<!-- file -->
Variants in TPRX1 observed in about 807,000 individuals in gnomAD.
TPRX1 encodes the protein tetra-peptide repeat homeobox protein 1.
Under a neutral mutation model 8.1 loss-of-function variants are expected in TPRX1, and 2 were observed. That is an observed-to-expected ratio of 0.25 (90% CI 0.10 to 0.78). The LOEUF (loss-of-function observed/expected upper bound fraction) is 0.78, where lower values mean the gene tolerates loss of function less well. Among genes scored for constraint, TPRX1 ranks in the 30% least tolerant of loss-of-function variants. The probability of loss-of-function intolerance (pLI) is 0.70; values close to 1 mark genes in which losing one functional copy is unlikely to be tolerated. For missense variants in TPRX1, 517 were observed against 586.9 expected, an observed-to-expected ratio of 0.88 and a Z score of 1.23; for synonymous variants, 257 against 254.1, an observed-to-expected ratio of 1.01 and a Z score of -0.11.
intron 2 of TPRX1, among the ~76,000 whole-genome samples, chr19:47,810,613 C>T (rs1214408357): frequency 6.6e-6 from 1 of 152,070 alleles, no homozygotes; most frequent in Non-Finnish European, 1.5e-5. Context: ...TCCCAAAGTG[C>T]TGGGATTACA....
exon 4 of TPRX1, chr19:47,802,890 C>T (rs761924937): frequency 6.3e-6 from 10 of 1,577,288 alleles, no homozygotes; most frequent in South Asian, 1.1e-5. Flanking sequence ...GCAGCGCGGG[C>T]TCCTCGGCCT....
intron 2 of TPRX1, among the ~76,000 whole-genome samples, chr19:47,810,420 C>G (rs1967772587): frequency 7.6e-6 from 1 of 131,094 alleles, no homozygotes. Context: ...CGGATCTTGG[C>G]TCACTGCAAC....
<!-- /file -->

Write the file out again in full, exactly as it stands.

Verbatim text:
Variants in TPRX1 observed in about 807,000 individuals in gnomAD.
TPRX1 encodes the protein tetra-peptide repeat homeobox protein 1.
Under a neutral mutation model 8.1 loss-of-function variants are expected in TPRX1, and 2 were observed. That is an observed-to-expected ratio of 0.25 (90% CI 0.10 to 0.78). The LOEUF (loss-of-function observed/expected upper bound fraction) is 0.78, where lower values mean the gene tolerates loss of function less well. Among genes scored for constraint, TPRX1 ranks in the 30% least tolerant of loss-of-function variants. The probability of loss-of-function intolerance (pLI) is 0.70; values close to 1 mark genes in which losing one functional copy is unlikely to be tolerated. For missense variants in TPRX1, 517 were observed against 586.9 expected, an observed-to-expected ratio of 0.88 and a Z score of 1.23; for synonymous variants, 257 against 254.1, an observed-to-expected ratio of 1.01 and a Z score of -0.11.
intron 2 of TPRX1, among the ~76,000 whole-genome samples, chr19:47,810,613 C>T (rs1214408357): frequency 6.6e-6 from 1 of 152,070 alleles, no homozygotes; most frequent in Non-Finnish European, 1.5e-5. Context: ...TCCCAAAGTG[C>T]TGGGATTACA....
exon 4 of TPRX1, chr19:47,802,890 C>T (rs761924937): frequency 6.3e-6 from 10 of 1,577,288 alleles, no homozygotes; most frequent in South Asian, 1.1e-5. Flanking sequence ...GCAGCGCGGG[C>T]TCCTCGGCCT....
intron 2 of TPRX1, among the ~76,000 whole-genome samples, chr19:47,810,420 C>G (rs1967772587): frequency 7.6e-6 from 1 of 131,094 alleles, no homozygotes. Context: ...CGGATCTTGG[C>G]TCACTGCAAC....